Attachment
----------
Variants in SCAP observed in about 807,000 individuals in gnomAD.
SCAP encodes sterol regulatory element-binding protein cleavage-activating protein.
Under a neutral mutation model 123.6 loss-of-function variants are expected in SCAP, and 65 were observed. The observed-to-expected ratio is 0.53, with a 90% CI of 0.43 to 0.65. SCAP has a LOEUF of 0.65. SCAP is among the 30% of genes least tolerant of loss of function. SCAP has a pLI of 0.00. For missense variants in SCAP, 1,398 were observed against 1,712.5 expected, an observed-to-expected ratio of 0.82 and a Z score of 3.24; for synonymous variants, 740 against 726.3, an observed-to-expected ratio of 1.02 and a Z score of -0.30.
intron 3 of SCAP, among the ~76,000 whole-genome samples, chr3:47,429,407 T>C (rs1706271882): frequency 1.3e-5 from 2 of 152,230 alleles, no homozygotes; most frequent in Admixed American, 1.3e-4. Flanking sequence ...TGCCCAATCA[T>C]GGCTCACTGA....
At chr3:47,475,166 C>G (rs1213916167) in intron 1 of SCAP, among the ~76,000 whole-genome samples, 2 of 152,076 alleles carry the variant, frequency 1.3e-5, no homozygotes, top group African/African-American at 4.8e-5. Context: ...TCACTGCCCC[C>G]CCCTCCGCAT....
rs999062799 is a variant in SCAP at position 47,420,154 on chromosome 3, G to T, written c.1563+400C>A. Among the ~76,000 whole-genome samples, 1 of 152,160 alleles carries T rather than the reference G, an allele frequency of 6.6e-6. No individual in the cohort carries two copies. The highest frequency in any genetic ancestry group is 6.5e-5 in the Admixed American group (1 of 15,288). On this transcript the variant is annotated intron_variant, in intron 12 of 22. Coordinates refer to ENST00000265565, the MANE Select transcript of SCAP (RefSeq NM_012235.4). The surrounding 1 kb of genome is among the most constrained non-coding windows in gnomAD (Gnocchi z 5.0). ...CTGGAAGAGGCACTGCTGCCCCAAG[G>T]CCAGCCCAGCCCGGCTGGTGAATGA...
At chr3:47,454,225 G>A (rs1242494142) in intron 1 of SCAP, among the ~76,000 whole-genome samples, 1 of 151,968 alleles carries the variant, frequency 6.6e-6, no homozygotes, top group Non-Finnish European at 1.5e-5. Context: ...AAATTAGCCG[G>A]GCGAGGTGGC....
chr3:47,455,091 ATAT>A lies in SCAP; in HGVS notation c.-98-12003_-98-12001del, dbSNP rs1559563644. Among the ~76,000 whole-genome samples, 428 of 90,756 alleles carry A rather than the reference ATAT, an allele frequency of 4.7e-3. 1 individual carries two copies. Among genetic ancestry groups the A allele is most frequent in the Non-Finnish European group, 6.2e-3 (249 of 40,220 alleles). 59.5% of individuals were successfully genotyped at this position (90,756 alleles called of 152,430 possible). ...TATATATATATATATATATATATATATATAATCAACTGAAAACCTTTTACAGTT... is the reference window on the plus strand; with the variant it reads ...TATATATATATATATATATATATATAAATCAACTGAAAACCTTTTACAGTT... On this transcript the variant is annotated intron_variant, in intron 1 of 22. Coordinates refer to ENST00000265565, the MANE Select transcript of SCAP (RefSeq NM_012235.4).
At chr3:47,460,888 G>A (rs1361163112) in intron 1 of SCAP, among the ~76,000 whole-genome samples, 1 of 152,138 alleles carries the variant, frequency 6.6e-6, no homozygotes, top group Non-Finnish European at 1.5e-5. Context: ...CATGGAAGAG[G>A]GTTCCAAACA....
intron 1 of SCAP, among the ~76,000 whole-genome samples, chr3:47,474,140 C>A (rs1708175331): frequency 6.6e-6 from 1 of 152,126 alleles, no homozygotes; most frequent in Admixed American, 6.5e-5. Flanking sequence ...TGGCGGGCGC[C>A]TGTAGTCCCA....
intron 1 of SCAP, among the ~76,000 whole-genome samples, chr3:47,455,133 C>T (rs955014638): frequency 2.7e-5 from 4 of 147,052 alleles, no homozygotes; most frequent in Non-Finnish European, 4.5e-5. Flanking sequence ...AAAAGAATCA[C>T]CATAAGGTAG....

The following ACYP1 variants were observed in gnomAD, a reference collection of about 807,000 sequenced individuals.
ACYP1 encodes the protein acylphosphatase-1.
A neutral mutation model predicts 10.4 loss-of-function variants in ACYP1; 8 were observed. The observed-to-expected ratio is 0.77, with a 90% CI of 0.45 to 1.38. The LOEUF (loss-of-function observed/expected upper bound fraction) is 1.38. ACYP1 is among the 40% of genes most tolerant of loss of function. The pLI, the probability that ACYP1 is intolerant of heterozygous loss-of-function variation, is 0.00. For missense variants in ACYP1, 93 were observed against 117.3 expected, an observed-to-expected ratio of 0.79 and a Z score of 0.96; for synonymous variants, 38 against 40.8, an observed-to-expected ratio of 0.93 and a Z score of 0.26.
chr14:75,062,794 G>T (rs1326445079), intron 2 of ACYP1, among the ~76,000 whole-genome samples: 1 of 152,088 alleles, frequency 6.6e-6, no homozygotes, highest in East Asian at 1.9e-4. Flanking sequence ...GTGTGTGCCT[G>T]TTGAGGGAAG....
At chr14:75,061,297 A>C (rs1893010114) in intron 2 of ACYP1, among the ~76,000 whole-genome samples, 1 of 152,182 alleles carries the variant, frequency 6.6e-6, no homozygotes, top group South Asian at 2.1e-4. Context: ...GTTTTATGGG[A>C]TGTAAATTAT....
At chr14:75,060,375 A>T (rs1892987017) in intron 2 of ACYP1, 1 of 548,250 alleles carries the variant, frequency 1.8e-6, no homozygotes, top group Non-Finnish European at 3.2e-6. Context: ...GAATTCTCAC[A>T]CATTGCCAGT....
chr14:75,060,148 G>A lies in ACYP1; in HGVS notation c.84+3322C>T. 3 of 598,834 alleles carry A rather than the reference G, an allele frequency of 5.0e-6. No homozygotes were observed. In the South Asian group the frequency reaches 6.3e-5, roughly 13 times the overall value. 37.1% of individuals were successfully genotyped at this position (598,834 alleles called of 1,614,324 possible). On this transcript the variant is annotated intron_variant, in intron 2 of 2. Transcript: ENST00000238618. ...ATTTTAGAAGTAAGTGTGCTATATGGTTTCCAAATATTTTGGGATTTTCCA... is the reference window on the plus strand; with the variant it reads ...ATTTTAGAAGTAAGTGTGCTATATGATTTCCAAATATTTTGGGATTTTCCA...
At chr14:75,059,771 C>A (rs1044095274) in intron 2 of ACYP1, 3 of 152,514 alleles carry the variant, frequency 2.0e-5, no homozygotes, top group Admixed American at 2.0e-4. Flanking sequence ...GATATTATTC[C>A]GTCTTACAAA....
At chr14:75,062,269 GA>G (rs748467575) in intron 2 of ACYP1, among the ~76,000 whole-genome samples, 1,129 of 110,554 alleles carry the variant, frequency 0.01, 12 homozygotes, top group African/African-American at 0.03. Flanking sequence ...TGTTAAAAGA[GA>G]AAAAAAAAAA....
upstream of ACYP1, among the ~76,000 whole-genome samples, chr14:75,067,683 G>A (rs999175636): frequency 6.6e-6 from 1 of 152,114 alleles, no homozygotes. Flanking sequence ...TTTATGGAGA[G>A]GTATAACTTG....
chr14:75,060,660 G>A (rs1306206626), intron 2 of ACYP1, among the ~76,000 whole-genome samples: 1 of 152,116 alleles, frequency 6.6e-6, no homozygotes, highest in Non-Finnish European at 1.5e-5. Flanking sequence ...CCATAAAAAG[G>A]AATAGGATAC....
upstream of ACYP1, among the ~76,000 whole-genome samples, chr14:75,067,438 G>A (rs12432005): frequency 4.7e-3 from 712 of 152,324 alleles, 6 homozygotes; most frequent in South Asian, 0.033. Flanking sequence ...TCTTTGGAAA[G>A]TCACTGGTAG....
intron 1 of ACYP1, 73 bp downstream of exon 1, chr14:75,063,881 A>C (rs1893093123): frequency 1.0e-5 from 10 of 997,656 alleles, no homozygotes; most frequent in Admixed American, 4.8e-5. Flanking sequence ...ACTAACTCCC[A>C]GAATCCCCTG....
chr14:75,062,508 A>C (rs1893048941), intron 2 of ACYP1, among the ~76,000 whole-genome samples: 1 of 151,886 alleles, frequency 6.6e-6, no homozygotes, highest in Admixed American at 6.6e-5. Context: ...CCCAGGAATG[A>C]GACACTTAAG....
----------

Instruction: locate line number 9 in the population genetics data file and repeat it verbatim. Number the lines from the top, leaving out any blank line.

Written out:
At chr3:47,460,888 G>A (rs1361163112) in intron 1 of SCAP, among the ~76,000 whole-genome samples, 1 of 152,138 alleles carries the variant, frequency 6.6e-6, no homozygotes, top group Non-Finnish European at 1.5e-5. Context: ...CATGGAAGAG[G>A]GTTCCAAACA....